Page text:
photographs by ariel levin


A durational performance by Hori Izahki and Adi Liraz
Part of the long night of museums in Berlin, Saturday, August 25th 2018, 8pm-00am
Jewish Museum Berlin, 
Lindenstraße 9-14, 10969 Berlin

Jerusalem-Berlin/Berlin-Jerusalem - about history, identity and erasure.

The artists deconstruct a collective identity that, in the interest of a homogenous society, overwrites divergent personal and collective histories. Is it possible to completely erase an identity? Not only of one’s body, but of a location, of histories, of cultures? What happens to our reflections when we try to erase parts of the space in which we are present?

Meeting at the in-between point of void and overload, Adi Liraz and Hori Izhaki arrive into this process from fundamentally different backgrounds. While Izhaki’s family came to Israel / Palestine as Arabic speaking Jews from Iraq and Morocco, Liraz family has its origin in Greece and East Europe. With a circular structure durational performance, the artists aim to reveal perspectives of identity, connecting the overload of national identities, and the void left by their forcefully neglected origins, with the spatial scenery of the museum: the sensory overload of the “Welcome to Jerusalem” exhibition and the radical emptiness of Libeskind’s architecture.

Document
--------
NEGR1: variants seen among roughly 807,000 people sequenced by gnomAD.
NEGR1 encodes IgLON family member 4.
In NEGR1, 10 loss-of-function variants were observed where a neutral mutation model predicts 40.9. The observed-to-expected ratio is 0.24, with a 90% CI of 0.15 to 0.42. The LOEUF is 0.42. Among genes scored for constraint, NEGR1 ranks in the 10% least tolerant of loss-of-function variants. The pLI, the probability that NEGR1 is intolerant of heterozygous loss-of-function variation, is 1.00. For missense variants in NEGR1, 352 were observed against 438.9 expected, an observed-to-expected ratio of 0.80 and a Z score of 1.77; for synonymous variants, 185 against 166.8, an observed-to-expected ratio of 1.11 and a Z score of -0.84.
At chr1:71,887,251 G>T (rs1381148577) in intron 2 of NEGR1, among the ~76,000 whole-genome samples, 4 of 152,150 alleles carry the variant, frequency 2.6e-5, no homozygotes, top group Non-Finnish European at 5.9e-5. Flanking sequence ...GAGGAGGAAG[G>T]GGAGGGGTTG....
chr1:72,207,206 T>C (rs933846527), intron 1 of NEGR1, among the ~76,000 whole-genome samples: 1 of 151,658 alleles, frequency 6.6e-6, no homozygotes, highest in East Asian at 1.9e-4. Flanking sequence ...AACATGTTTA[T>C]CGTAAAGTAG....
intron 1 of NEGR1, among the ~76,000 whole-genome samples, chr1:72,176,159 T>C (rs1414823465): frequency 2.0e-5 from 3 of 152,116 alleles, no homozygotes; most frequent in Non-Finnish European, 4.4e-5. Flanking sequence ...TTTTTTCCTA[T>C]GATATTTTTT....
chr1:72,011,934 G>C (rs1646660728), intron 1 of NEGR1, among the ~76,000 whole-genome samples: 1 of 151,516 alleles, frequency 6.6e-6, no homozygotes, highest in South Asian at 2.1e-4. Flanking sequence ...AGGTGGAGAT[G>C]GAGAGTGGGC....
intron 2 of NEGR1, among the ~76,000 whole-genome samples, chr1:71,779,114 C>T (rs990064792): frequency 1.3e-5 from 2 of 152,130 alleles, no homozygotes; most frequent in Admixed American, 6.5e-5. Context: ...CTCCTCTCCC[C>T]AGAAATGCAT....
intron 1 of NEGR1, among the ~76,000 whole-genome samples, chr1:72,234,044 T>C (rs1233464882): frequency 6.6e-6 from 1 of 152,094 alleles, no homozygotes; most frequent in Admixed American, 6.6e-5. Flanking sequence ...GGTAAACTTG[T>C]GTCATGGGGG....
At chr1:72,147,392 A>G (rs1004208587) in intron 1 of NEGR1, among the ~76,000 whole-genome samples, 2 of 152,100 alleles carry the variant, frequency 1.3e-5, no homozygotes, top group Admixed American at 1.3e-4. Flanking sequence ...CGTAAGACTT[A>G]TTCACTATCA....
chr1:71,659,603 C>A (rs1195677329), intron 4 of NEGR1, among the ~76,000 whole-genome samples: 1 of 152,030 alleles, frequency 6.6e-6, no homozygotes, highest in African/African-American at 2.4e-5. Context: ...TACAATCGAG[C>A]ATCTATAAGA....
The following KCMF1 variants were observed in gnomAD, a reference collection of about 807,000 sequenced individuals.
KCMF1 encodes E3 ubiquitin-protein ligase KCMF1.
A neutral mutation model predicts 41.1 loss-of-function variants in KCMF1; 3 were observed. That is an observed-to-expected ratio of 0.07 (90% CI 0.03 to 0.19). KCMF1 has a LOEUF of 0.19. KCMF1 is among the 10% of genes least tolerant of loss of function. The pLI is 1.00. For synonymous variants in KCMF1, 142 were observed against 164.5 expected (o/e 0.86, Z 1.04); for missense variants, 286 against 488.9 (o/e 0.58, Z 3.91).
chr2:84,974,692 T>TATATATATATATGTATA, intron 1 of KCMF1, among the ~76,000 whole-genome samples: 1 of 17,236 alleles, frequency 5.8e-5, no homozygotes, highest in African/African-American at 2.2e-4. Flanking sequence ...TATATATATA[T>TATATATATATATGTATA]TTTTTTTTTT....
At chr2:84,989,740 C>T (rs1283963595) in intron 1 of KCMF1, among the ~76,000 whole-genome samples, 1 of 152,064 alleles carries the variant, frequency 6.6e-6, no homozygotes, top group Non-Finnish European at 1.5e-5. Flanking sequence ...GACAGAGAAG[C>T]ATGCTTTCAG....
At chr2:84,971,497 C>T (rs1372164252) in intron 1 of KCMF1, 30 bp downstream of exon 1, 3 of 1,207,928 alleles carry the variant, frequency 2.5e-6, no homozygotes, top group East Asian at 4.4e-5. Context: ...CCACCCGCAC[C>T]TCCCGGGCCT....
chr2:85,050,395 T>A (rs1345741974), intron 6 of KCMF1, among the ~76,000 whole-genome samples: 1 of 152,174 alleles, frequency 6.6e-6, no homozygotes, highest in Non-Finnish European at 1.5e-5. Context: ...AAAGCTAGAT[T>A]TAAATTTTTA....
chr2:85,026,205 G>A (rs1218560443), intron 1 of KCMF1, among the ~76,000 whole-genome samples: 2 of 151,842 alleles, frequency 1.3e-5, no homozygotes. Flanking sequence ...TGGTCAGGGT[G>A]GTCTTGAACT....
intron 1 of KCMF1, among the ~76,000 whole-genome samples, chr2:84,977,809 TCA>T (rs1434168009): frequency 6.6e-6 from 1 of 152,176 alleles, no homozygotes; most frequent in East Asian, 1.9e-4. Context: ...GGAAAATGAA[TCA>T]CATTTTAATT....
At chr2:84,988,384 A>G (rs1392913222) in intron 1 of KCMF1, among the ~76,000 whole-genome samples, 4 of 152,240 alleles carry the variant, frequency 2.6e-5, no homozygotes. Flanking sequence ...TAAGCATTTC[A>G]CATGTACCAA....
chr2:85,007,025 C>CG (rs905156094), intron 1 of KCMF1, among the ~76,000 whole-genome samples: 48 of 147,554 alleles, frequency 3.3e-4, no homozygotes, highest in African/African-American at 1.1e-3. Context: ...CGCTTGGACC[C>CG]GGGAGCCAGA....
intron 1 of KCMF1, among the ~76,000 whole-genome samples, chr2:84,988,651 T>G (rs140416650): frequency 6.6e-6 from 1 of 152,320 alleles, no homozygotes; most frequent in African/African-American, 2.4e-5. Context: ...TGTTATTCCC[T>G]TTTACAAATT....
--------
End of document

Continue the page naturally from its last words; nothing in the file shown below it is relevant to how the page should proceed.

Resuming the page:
„…between utopias and these quite other sites, these heterotopias, there might be a sort of mixed, joint experience, which would be the mirror. The mirror is, after all, a utopia, since it is a placeless place. In the mirror, I see myself there where I am not, in an unreal, virtual space that opens up behind the surface; I am over there, there where I am not, a sort of shadow that gives my own visibility to myself, that enables me to see myself there where I am absent: such is the utopia of the mirror. But it is also a heterotopia in so far as the mirror does exist in reality, where it exerts a sort of counteraction on the position that I occupy. From the standpoint of the mirror I discover my absence from the place where I am since I see myself over there. Starting from this gaze that is, as it were, directed toward me, from the ground of this virtual space that is on the other side of the glass, I come back toward myself; I begin again to direct my eyes toward myself and to reconstitute myself there where I am. The mirror functions as a heterotopia in this respect: it makes this place that I occupy at the moment when I look at myself in the glass at once absolutely real, connected with all the space that surrounds it, and absolutely unreal, since in order to be perceived it has to pass through this virtual point which is over there“

Michel Foucault, „Of other Spaces